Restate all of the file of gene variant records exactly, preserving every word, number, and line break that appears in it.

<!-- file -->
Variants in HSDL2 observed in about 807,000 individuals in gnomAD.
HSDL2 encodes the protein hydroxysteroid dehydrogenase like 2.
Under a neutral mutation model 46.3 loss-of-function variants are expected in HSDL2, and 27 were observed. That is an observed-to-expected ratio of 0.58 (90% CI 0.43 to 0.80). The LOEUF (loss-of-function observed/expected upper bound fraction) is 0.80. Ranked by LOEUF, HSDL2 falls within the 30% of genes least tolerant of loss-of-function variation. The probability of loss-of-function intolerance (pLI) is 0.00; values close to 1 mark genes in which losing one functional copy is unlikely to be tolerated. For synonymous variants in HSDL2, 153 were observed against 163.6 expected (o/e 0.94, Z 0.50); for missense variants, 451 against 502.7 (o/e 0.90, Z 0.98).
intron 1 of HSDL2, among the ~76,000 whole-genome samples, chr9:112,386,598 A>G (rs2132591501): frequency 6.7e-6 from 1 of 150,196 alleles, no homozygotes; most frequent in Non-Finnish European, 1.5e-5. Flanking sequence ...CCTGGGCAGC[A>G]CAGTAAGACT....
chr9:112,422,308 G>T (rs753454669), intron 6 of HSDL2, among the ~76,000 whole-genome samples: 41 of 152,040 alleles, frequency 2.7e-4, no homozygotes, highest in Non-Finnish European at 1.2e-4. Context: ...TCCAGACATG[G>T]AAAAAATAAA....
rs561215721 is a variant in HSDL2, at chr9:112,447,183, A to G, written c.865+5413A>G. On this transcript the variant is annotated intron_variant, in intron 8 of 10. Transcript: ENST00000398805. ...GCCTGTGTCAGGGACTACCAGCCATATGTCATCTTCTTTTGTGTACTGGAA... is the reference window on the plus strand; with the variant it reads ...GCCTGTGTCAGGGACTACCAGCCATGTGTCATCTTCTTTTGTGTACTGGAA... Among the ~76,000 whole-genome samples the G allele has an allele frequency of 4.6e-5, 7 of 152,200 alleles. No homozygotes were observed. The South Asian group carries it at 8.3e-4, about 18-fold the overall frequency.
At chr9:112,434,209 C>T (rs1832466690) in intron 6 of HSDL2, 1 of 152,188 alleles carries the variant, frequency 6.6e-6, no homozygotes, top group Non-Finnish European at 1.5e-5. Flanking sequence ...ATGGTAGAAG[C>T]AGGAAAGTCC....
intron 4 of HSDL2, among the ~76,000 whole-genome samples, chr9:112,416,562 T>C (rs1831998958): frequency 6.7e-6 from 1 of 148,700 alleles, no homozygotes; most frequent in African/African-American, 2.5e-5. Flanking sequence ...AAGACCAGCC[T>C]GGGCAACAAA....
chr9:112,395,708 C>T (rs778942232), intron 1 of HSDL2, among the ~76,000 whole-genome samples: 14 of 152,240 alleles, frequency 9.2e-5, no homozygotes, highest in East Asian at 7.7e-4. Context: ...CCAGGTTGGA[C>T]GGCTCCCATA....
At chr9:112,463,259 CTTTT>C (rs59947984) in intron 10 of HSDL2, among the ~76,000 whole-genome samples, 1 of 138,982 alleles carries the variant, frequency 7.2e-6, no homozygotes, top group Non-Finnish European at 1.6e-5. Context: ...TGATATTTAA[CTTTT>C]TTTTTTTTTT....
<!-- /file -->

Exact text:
Variants in HSDL2 observed in about 807,000 individuals in gnomAD.
HSDL2 encodes the protein hydroxysteroid dehydrogenase like 2.
Under a neutral mutation model 46.3 loss-of-function variants are expected in HSDL2, and 27 were observed. That is an observed-to-expected ratio of 0.58 (90% CI 0.43 to 0.80). The LOEUF (loss-of-function observed/expected upper bound fraction) is 0.80. Ranked by LOEUF, HSDL2 falls within the 30% of genes least tolerant of loss-of-function variation. The probability of loss-of-function intolerance (pLI) is 0.00; values close to 1 mark genes in which losing one functional copy is unlikely to be tolerated. For synonymous variants in HSDL2, 153 were observed against 163.6 expected (o/e 0.94, Z 0.50); for missense variants, 451 against 502.7 (o/e 0.90, Z 0.98).
intron 1 of HSDL2, among the ~76,000 whole-genome samples, chr9:112,386,598 A>G (rs2132591501): frequency 6.7e-6 from 1 of 150,196 alleles, no homozygotes; most frequent in Non-Finnish European, 1.5e-5. Flanking sequence ...CCTGGGCAGC[A>G]CAGTAAGACT....
chr9:112,422,308 G>T (rs753454669), intron 6 of HSDL2, among the ~76,000 whole-genome samples: 41 of 152,040 alleles, frequency 2.7e-4, no homozygotes, highest in Non-Finnish European at 1.2e-4. Context: ...TCCAGACATG[G>T]AAAAAATAAA....
rs561215721 is a variant in HSDL2, at chr9:112,447,183, A to G, written c.865+5413A>G. On this transcript the variant is annotated intron_variant, in intron 8 of 10. Transcript: ENST00000398805. ...GCCTGTGTCAGGGACTACCAGCCATATGTCATCTTCTTTTGTGTACTGGAA... is the reference window on the plus strand; with the variant it reads ...GCCTGTGTCAGGGACTACCAGCCATGTGTCATCTTCTTTTGTGTACTGGAA... Among the ~76,000 whole-genome samples the G allele has an allele frequency of 4.6e-5, 7 of 152,200 alleles. No homozygotes were observed. The South Asian group carries it at 8.3e-4, about 18-fold the overall frequency.
At chr9:112,434,209 C>T (rs1832466690) in intron 6 of HSDL2, 1 of 152,188 alleles carries the variant, frequency 6.6e-6, no homozygotes, top group Non-Finnish European at 1.5e-5. Flanking sequence ...ATGGTAGAAG[C>T]AGGAAAGTCC....
intron 4 of HSDL2, among the ~76,000 whole-genome samples, chr9:112,416,562 T>C (rs1831998958): frequency 6.7e-6 from 1 of 148,700 alleles, no homozygotes; most frequent in African/African-American, 2.5e-5. Flanking sequence ...AAGACCAGCC[T>C]GGGCAACAAA....
chr9:112,395,708 C>T (rs778942232), intron 1 of HSDL2, among the ~76,000 whole-genome samples: 14 of 152,240 alleles, frequency 9.2e-5, no homozygotes, highest in East Asian at 7.7e-4. Context: ...CCAGGTTGGA[C>T]GGCTCCCATA....
At chr9:112,463,259 CTTTT>C (rs59947984) in intron 10 of HSDL2, among the ~76,000 whole-genome samples, 1 of 138,982 alleles carries the variant, frequency 7.2e-6, no homozygotes, top group Non-Finnish European at 1.6e-5. Context: ...TGATATTTAA[CTTTT>C]TTTTTTTTTT....